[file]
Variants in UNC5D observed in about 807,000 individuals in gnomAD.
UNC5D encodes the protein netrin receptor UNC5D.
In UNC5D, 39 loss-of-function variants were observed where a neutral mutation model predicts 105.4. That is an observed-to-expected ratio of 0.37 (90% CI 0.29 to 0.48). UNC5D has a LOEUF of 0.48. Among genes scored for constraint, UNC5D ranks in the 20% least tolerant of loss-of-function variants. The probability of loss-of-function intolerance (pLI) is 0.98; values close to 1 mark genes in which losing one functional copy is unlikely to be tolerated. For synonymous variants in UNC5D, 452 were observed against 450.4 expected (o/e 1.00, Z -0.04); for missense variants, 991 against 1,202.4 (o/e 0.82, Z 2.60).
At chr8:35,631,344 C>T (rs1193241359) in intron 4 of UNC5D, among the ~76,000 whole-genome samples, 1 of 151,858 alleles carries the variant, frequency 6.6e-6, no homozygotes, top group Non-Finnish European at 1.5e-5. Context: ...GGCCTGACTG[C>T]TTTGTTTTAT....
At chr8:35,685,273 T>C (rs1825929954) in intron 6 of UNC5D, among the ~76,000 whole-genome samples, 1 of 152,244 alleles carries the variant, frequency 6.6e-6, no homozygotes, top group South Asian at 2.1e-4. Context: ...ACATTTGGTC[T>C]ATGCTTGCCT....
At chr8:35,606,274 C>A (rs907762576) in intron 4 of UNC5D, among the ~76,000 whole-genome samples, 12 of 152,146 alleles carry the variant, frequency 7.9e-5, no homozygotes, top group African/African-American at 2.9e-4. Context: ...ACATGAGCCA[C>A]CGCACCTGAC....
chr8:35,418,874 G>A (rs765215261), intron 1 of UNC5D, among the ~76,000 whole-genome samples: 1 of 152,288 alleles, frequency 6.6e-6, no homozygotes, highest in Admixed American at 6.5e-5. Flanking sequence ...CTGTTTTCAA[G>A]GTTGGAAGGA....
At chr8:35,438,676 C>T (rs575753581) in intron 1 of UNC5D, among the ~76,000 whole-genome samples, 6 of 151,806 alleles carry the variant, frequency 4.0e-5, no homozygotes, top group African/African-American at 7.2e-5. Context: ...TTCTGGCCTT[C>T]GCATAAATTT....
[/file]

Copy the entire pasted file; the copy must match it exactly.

Variants in UNC5D observed in about 807,000 individuals in gnomAD.
UNC5D encodes the protein netrin receptor UNC5D.
In UNC5D, 39 loss-of-function variants were observed where a neutral mutation model predicts 105.4. That is an observed-to-expected ratio of 0.37 (90% CI 0.29 to 0.48). UNC5D has a LOEUF of 0.48. Among genes scored for constraint, UNC5D ranks in the 20% least tolerant of loss-of-function variants. The probability of loss-of-function intolerance (pLI) is 0.98; values close to 1 mark genes in which losing one functional copy is unlikely to be tolerated. For synonymous variants in UNC5D, 452 were observed against 450.4 expected (o/e 1.00, Z -0.04); for missense variants, 991 against 1,202.4 (o/e 0.82, Z 2.60).
At chr8:35,631,344 C>T (rs1193241359) in intron 4 of UNC5D, among the ~76,000 whole-genome samples, 1 of 151,858 alleles carries the variant, frequency 6.6e-6, no homozygotes, top group Non-Finnish European at 1.5e-5. Context: ...GGCCTGACTG[C>T]TTTGTTTTAT....
At chr8:35,685,273 T>C (rs1825929954) in intron 6 of UNC5D, among the ~76,000 whole-genome samples, 1 of 152,244 alleles carries the variant, frequency 6.6e-6, no homozygotes, top group South Asian at 2.1e-4. Context: ...ACATTTGGTC[T>C]ATGCTTGCCT....
At chr8:35,606,274 C>A (rs907762576) in intron 4 of UNC5D, among the ~76,000 whole-genome samples, 12 of 152,146 alleles carry the variant, frequency 7.9e-5, no homozygotes, top group African/African-American at 2.9e-4. Context: ...ACATGAGCCA[C>A]CGCACCTGAC....
chr8:35,418,874 G>A (rs765215261), intron 1 of UNC5D, among the ~76,000 whole-genome samples: 1 of 152,288 alleles, frequency 6.6e-6, no homozygotes, highest in Admixed American at 6.5e-5. Flanking sequence ...CTGTTTTCAA[G>A]GTTGGAAGGA....
At chr8:35,438,676 C>T (rs575753581) in intron 1 of UNC5D, among the ~76,000 whole-genome samples, 6 of 151,806 alleles carry the variant, frequency 4.0e-5, no homozygotes, top group African/African-American at 7.2e-5. Context: ...TTCTGGCCTT[C>T]GCATAAATTT....